I’m at the inaugural TEDxSummit in Doha, Qatar. It is a ridiculously amazing opportunity for 700 TEDx license holders from 90 countries to gather and share ideas. http://tedxsummit.ted.com
I’m currently in a session entitled, “Must Haves.” Rather than present “The ABCs of a Truly Awesome TED Talk,” Chris Anderson, curator of TED (http://ted.com), just offered, “The XYZs of a Truly Terrible TED Talk.” He’s amazing.
Here’s his hilarious list of what not to do when delivering a TED Talk:
Take a really long time to get started
This is too important to be just a talk. Slow down and orate!
Make sure everyone knows how important you are.
Keep referring back to your brilliant book
To make yourself seem smart, use abstract language and lofty concepts.
Who needs real substance? All that matters is that you inspire.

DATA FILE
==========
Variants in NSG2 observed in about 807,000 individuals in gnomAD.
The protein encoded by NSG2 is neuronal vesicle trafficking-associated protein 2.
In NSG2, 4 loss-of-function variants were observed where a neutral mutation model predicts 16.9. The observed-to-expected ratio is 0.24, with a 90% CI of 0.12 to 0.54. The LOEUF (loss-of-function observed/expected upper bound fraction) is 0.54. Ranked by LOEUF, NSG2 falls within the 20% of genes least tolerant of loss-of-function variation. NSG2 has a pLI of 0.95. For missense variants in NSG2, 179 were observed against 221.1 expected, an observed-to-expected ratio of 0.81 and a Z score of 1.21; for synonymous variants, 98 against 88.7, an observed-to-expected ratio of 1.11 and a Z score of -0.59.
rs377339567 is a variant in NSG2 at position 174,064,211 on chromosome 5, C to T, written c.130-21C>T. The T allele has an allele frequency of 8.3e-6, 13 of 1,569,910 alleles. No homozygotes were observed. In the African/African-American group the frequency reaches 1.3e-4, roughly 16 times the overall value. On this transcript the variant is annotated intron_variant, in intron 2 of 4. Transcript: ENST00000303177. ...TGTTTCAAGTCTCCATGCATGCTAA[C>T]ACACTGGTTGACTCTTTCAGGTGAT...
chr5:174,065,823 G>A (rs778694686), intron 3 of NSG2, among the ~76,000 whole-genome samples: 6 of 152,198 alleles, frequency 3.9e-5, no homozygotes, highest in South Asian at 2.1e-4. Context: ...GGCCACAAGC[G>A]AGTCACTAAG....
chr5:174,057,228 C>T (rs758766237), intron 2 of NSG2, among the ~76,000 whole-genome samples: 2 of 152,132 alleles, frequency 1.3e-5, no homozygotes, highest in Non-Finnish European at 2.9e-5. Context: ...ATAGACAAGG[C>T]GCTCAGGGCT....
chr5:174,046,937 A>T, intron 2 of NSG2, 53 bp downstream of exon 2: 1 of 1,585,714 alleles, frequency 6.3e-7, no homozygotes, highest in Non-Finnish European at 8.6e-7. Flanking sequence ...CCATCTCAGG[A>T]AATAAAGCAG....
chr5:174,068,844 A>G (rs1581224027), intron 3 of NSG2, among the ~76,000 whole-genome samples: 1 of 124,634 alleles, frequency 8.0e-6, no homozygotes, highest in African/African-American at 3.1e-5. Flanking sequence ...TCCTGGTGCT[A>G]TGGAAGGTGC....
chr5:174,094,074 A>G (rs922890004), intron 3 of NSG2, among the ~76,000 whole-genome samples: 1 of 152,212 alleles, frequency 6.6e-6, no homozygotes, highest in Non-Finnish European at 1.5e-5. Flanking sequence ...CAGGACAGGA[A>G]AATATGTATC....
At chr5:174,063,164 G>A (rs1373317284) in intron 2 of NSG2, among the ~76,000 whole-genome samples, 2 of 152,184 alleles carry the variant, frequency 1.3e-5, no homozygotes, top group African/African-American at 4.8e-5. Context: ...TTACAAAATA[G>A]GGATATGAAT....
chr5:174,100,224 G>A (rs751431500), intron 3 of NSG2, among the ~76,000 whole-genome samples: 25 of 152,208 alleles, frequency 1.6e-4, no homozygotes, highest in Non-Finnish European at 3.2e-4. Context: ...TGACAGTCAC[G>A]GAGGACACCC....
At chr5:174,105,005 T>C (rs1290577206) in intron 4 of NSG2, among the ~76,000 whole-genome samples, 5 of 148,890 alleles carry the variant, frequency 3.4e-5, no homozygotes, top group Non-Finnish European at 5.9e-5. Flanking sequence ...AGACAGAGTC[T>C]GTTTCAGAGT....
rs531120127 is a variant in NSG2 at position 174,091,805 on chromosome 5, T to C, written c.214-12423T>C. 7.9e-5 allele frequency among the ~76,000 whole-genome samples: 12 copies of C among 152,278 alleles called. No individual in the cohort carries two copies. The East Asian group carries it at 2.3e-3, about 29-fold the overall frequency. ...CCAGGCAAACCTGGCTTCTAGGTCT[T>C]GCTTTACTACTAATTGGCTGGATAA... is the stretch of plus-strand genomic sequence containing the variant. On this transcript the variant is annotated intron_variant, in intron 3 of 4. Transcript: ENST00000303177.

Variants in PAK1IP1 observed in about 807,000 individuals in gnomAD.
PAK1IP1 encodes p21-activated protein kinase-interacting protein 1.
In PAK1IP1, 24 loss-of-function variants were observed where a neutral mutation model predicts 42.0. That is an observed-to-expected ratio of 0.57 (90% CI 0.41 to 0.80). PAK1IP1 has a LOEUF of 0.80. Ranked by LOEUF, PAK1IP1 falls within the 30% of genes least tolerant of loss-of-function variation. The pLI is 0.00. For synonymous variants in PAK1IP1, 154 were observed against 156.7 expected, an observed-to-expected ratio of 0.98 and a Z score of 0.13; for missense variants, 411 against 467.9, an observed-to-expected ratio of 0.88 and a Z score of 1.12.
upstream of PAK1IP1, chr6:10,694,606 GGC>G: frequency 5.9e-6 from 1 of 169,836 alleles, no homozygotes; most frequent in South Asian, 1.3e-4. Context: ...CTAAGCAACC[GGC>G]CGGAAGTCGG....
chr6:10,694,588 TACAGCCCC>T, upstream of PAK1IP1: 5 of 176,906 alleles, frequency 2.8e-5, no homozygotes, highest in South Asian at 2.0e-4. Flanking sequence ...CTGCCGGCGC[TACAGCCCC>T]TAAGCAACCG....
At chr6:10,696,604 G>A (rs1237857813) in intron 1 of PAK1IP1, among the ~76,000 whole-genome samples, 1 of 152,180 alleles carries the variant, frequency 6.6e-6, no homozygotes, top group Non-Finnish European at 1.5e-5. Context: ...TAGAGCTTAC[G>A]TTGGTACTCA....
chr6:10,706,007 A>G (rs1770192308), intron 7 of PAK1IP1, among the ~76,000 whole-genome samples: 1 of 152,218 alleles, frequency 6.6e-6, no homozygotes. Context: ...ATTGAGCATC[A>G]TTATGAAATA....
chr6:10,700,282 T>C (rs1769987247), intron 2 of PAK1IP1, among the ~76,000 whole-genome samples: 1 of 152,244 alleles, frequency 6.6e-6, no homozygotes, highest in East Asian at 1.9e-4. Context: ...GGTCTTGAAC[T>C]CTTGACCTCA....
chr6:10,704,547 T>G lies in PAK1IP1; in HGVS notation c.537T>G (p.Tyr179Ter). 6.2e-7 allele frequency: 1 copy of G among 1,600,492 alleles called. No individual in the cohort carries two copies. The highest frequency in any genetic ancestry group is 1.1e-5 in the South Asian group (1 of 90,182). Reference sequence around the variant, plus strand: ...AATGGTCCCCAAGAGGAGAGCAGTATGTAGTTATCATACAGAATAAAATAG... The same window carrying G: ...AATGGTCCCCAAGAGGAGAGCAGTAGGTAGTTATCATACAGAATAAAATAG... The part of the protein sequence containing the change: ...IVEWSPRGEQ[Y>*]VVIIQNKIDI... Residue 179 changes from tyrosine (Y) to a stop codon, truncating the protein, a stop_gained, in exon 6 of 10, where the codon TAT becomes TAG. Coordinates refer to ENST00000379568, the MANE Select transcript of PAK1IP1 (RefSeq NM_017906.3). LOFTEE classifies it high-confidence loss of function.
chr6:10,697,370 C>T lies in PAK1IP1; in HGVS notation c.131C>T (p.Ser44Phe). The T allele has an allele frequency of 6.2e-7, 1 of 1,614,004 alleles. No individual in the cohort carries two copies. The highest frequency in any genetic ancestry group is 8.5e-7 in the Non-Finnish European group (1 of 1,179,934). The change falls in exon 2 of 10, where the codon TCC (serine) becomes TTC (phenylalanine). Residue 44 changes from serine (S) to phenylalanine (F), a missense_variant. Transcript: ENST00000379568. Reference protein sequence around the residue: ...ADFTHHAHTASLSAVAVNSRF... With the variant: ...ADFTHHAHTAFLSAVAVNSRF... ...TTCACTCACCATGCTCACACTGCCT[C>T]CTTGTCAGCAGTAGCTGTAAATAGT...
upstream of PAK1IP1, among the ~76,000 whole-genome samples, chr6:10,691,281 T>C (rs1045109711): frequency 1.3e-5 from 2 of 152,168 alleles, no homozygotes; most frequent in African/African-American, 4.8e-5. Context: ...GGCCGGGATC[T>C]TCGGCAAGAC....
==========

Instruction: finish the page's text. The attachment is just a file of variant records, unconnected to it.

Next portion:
No need to build an argument. You’re too good a speaker to have to actually persuade people.
If you’re an artist or architect, try to sound as intellectual as possible…and if that leaves no time time to actually share your work, no worries.
Remember, no time to waste telling stories.
If your case is a little feeble, slip in pseudo-scientific jargon to beef it up.
Copy your visuals off the web. It’s so easy. No one will notice.
Be very serious. Humor is a terrible distraction.
Slip in some snarky political comments.
Give lots of details about the history and structure of your organization.
Cram in every single aspect of your work.
Don’t bother rehearsing for time.
You know you’re a great speaker. Wing it.
Memorizing 90% of your talk should be fine.
Be cunning and read your talk off the confidence monitor!
At all costs, avoid eye contact with audience members.
Great TED Talks follow a formula. Crack the code and copy it!
Don’t risk being true to yourself.
Emotions matter. The audience is there to be manipulated.
Use at least one gratuitous picture of a family member.
It’s easy to fit 3000 words into 18 minutes; just talk faster.
End with a subtle hint about your organization’s crucial funding needs…and linger on stage waiting for a standing ovation.